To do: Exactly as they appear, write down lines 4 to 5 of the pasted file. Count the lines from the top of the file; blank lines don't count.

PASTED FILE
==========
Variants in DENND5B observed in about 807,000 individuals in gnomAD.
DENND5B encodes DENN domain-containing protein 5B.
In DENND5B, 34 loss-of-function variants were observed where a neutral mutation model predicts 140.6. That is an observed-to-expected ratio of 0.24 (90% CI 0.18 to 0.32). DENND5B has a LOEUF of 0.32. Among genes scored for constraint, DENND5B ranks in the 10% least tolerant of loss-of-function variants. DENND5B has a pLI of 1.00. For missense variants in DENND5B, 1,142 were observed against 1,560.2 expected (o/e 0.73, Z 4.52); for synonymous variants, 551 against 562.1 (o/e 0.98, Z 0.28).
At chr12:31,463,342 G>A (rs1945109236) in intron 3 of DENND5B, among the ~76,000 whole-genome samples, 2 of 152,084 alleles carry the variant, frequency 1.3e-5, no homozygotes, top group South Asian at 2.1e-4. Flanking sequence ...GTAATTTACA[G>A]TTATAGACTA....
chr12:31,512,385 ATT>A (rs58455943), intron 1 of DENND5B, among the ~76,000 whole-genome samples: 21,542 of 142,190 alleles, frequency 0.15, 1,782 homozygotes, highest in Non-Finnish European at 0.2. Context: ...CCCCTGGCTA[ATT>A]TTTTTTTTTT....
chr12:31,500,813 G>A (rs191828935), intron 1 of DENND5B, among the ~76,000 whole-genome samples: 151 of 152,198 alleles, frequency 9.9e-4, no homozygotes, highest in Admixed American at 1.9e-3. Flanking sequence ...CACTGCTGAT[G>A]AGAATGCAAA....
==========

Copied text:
At chr12:31,463,342 G>A (rs1945109236) in intron 3 of DENND5B, among the ~76,000 whole-genome samples, 2 of 152,084 alleles carry the variant, frequency 1.3e-5, no homozygotes, top group South Asian at 2.1e-4. Flanking sequence ...GTAATTTACA[G>A]TTATAGACTA....
chr12:31,512,385 ATT>A (rs58455943), intron 1 of DENND5B, among the ~76,000 whole-genome samples: 21,542 of 142,190 alleles, frequency 0.15, 1,782 homozygotes, highest in Non-Finnish European at 0.2. Context: ...CCCCTGGCTA[ATT>A]TTTTTTTTTT....